A campaign to overturn a ban on heterosexual couples being allowed to enter into civil partnerships is thought to have gained considerable ground, despite a recent narrow defeat at the Court of Appeal in January.

Rebecca Steinfeld and Charles Keidan have campaigned for three years to gain legal recognition for their seven-year relationship, gaining 72,000 signatures on an accompanying petition. Two of the three judges presiding over the case ruled that the Government should be allowed more time to review the law regarding civil partnerships, while the third judge felt that the Government should change the law immediately.

The defeated couple have previously claimed that the institute of marriage is “sexist” and “patriarchal” and they now intend to take their case to the Supreme Court.

Although same-sex couples are covered by the Civil Partnerships Act 2004, the couple’s argument is that the legal recognition offered by civil partnerships should be available to all. Same-sex marriage was legalised in 2013, so it is felt to be inconsistent that civil partnerships have not been extended to all couples.

Not everybody wants the ‘occasion’ or conventions of a marriage and wish to have the legal side separated from the ceremony, which a civil partnership allows them to do. A civil partnership is effectively the signing of a document in a civil process, rather than what many see as an outdated tradition of marriage, following religious conventions that they don’t believe in.

An increasing argument is that there is also a lack of legal rights for co-habiting couples (the main advantage for many seeking a civil partnership) and is also something of an anomaly, given that co-habiting couples are the fastest-growing household type in the UK.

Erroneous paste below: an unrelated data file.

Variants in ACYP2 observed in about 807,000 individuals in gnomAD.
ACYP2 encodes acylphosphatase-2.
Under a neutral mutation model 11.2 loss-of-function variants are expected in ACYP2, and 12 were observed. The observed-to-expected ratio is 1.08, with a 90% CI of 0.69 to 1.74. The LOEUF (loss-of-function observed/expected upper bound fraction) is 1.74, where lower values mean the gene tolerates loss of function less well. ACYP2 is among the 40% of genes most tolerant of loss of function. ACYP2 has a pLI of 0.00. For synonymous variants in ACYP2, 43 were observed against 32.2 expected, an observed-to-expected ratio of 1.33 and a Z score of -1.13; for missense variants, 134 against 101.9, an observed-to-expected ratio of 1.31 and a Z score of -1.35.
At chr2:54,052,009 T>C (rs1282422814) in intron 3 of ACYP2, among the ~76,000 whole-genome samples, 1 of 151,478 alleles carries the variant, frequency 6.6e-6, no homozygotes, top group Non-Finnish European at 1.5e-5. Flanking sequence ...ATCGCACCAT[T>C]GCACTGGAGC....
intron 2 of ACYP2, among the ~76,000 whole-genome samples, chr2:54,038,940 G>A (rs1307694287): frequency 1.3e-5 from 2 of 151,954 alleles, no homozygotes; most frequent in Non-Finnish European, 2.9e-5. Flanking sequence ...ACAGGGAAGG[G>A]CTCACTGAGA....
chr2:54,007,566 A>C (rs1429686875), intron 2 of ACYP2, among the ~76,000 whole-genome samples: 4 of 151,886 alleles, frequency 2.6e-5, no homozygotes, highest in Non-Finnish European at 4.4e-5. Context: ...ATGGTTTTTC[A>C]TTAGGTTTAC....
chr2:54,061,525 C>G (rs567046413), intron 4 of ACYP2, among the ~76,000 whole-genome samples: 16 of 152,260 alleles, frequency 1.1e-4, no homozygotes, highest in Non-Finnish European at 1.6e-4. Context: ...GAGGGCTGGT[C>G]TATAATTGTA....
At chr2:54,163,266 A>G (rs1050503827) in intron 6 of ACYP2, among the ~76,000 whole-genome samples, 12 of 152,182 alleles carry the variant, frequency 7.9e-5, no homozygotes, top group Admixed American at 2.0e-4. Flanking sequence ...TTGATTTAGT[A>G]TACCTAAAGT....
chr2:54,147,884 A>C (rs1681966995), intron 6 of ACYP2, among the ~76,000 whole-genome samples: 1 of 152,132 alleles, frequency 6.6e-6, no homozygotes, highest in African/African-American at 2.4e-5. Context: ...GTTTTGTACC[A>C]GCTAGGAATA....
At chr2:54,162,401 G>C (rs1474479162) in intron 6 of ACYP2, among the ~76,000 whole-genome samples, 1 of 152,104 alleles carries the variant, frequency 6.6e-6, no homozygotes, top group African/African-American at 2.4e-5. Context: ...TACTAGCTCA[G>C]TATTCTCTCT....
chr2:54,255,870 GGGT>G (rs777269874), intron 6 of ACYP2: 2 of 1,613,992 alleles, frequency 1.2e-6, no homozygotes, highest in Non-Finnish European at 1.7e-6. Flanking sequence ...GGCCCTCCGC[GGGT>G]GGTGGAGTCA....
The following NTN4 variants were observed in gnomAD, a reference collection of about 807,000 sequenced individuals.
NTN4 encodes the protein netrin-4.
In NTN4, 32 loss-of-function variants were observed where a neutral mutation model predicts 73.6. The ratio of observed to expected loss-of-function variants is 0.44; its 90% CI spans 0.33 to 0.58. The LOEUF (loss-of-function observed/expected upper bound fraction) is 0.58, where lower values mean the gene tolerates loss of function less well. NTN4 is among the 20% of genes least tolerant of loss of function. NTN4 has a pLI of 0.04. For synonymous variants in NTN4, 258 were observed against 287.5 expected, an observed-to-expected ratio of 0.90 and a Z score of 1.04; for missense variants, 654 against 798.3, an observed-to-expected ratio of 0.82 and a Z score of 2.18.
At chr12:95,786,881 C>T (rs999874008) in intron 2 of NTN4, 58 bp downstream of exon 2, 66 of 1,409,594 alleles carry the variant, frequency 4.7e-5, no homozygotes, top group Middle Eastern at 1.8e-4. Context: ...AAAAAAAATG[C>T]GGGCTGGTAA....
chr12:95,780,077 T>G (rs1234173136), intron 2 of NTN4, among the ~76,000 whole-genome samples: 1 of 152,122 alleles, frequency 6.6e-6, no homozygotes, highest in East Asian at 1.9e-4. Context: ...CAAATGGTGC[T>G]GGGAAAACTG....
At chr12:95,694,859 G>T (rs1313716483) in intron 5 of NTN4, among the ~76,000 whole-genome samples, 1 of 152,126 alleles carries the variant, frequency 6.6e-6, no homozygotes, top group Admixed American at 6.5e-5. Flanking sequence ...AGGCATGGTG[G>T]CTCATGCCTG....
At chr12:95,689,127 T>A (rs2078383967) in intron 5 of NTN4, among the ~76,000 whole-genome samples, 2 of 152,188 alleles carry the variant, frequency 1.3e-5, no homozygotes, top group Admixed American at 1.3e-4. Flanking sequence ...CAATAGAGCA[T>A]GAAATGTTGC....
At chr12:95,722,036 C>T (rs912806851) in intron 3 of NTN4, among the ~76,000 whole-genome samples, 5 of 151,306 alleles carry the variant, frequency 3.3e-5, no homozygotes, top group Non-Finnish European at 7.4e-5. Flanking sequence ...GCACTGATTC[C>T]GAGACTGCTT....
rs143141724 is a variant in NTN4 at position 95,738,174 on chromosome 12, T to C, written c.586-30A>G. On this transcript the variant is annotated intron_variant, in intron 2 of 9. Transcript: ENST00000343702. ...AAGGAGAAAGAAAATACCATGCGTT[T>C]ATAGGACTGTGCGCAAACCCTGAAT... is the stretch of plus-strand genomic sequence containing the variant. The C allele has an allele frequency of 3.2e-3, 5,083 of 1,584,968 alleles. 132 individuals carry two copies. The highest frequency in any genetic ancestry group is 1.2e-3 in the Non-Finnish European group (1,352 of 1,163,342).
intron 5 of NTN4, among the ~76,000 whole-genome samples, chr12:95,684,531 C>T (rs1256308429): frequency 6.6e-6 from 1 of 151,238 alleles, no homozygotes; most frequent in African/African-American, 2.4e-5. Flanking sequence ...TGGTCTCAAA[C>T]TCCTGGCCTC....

It has been suggested that denying heterosexual couples the rights to a civil partnership is discriminatory under the Civil Partnerships Act 2004. The Act offers many of the same legal protections as a marriage, in respect of parental responsibility, child maintenance, inheritance tax, and social security. However, if a heterosexual couple remain only co-habiting, rather than gaining legal recognition for their relationship, there are issues relating to access to money if one partner dies.

There is a hope that a landmark ruling might not be far away as Rebecca Steinfeld and Charles Keidan continue their fight for what they claim is a popular and fair cause. With the Government allowing more time to review the law, there will be increasing pressure to ensure that they use that time wisely.

At Ison Harrison, our Private Family law department advise clients on all aspects of cohabitation.

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